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I am interested in setting environmental variables of one shell instance from another. So I decided to do some research. After reading a number of questions about this I decided to test it out.

I spawned two shells A and B (PID 420), both running zsh. From shell A I ran the following.

sudo gdb -p 420
(gdb) call setenv("FOO", "bar", 1)
(gdb) detach

From shell B when I run env I can see the variable FOO is indeed set with a value of bar. This makes me think that FOO has been successfully initialised in the environment of shell B. However, if I try to print FOO I get an empty line implying it is not set. To me, it feels like there is a contradiction here.

This was tested on both my own Arch GNU/Linux system and an Ubuntu VM. I also tested this on bash where the variable didn't even show up in env. This although disappointing for me, makes sense if the shell caches a copy of its environment at spawn time and only uses that (which was suggested in one of the linked questions). This still doesn't answer why zsh can see the variable.

Why is the output of echo $FOO empty?


EDIT

After the input in the comments I decided to do a bit more testing. The results can be seen in the tables below. In the first column is the shell which the FOO variable was injected into. The first row contains the command whose output can be seen below it. The variable FOO was injected using: sudo gdb -p 420 -batch -ex 'call setenv("FOO", "bar", 1)'. The commands specific to zsh: zsh -c '...' were also tested using bash. The results were identical, their output was omitted for brevity.

Arch GNU/Linux, zsh 5.3.1, bash 4.4.12(1)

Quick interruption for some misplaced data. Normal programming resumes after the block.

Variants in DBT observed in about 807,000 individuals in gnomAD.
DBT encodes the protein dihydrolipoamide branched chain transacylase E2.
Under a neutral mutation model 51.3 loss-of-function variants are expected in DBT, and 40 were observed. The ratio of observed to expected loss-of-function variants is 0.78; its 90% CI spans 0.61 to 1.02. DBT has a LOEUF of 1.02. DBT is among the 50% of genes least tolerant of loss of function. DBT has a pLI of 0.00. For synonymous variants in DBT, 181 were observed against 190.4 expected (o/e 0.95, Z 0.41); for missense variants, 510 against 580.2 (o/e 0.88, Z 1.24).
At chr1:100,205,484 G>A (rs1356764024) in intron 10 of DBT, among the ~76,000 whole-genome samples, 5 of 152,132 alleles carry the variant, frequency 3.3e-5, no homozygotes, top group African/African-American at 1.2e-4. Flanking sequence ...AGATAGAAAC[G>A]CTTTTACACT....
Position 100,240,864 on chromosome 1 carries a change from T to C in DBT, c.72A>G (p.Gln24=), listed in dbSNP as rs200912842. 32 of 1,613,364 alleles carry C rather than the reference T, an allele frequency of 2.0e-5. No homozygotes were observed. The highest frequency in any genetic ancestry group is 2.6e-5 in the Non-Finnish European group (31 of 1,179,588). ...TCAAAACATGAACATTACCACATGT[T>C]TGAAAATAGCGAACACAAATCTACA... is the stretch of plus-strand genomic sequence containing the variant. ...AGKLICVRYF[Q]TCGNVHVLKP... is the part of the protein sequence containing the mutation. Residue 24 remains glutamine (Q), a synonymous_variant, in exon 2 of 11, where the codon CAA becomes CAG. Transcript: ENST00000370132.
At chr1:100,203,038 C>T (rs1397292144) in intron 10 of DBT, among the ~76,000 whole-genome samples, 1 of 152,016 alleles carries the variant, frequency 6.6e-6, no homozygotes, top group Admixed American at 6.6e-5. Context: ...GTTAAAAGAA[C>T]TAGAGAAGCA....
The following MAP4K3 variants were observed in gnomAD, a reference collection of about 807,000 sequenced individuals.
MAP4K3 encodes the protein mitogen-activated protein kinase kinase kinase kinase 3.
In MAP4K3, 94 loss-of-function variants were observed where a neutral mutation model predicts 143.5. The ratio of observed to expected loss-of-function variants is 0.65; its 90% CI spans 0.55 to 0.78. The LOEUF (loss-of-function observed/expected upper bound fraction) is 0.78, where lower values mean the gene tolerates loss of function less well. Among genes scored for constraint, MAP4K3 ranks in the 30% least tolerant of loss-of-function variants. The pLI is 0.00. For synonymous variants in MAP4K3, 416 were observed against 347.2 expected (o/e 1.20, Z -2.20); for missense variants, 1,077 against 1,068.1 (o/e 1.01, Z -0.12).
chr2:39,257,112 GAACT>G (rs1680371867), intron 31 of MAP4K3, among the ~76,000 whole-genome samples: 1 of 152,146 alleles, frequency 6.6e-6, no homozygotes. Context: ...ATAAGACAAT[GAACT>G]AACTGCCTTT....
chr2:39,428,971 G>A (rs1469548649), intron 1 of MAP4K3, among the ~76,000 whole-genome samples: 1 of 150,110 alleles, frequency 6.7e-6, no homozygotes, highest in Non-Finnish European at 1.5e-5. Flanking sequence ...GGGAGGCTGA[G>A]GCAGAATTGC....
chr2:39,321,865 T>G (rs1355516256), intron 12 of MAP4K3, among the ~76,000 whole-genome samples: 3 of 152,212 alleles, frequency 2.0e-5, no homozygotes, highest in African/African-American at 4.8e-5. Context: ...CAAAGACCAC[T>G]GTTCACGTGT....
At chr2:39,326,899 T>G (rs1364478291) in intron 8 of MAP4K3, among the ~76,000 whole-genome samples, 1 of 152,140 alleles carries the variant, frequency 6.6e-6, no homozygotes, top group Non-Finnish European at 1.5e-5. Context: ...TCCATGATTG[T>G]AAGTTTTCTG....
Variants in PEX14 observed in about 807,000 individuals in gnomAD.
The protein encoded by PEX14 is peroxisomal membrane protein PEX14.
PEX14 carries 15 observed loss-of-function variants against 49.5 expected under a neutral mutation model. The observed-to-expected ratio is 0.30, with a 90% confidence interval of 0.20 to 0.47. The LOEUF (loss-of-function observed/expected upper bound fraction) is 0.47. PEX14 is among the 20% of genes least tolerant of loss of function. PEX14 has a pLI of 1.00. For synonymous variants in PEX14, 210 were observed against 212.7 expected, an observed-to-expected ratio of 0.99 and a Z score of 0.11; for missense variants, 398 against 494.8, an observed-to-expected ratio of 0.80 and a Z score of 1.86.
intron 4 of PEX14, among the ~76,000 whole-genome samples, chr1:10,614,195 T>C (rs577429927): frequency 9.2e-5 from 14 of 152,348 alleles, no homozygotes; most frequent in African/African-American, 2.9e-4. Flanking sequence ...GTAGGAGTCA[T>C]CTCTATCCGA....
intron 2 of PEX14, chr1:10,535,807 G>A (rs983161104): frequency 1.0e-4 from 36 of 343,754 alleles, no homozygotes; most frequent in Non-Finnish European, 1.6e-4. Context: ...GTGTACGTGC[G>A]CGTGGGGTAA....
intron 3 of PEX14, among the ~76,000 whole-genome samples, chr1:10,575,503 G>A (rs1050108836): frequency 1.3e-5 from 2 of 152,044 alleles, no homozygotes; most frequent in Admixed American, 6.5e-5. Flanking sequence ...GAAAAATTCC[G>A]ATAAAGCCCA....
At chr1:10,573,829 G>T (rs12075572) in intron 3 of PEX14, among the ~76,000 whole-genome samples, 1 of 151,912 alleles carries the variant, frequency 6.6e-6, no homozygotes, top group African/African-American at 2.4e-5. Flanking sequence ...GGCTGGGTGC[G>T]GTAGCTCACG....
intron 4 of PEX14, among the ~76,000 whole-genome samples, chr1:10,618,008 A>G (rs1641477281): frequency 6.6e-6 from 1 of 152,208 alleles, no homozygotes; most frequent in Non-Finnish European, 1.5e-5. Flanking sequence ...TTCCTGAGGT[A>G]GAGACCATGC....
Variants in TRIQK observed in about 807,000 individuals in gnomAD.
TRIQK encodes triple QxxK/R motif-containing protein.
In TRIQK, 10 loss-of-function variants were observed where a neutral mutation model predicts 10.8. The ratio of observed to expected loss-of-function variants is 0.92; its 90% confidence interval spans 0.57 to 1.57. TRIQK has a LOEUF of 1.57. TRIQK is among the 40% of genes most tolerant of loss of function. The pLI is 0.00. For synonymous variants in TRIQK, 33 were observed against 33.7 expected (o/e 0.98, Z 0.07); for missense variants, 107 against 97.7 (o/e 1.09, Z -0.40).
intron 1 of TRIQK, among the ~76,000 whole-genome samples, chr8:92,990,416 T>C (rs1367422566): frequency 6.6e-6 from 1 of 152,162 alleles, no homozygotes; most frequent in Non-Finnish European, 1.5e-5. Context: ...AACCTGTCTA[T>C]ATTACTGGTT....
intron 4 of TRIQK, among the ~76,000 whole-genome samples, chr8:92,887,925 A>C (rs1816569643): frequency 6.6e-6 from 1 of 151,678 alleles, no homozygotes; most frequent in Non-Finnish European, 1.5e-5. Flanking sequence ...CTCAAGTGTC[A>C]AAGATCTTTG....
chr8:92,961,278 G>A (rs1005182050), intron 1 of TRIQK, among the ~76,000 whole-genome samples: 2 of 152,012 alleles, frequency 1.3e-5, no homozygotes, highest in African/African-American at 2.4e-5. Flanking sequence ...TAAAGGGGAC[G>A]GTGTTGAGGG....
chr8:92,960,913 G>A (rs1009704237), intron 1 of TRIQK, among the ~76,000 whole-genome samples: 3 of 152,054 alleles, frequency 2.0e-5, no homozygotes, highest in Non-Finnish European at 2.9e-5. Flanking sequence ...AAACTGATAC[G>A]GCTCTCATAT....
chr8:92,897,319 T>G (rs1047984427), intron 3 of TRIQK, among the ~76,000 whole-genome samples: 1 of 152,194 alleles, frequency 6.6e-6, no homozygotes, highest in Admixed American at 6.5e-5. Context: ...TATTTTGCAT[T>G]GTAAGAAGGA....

|      |  env | grep FOO  | echo $FOO |  zsh -c 'env | grep FOO'  |  zsh -c 'echo $FOO'  |         After export FOO          |
|------|------------------|-----------|---------------------------|----------------------|-----------------------------------|
| zsh  |  FOO=bar         |           | FOO=bar                   | bar                  | No Change                         |
| bash |                  | bar       |                           |                      | Value of FOO visible in all tests |

Ubuntu 16.04.2 LTS, zsh 5.1.1, bash 4.3.48(1)

|      |  env | grep FOO  | echo $FOO |  zsh -c 'env | grep FOO'  |  zsh -c 'echo $FOO'  |         After export FOO          |
|------|------------------|-----------|---------------------------|----------------------|-----------------------------------|
| zsh  |  FOO=bar         |           | FOO=bar                   | bar                  | No Change                         |
| bash |                  | bar       |                           |                      | Value of FOO visible in all tests |

The above seems to imply that the results are distribution agnostic. This doesn't tell me much more than zsh and bash handle setting of variables differently. Furthermore, export FOO has very different behaviour in this context depending on the shell. Hopefully these tests can make something clear to somebody else.

  • What happens, if you do a zsh -c 'echo $FOO' (use single quotes!) instead? Can you see it then? – user1934428 Jul 11 '17 at 4:45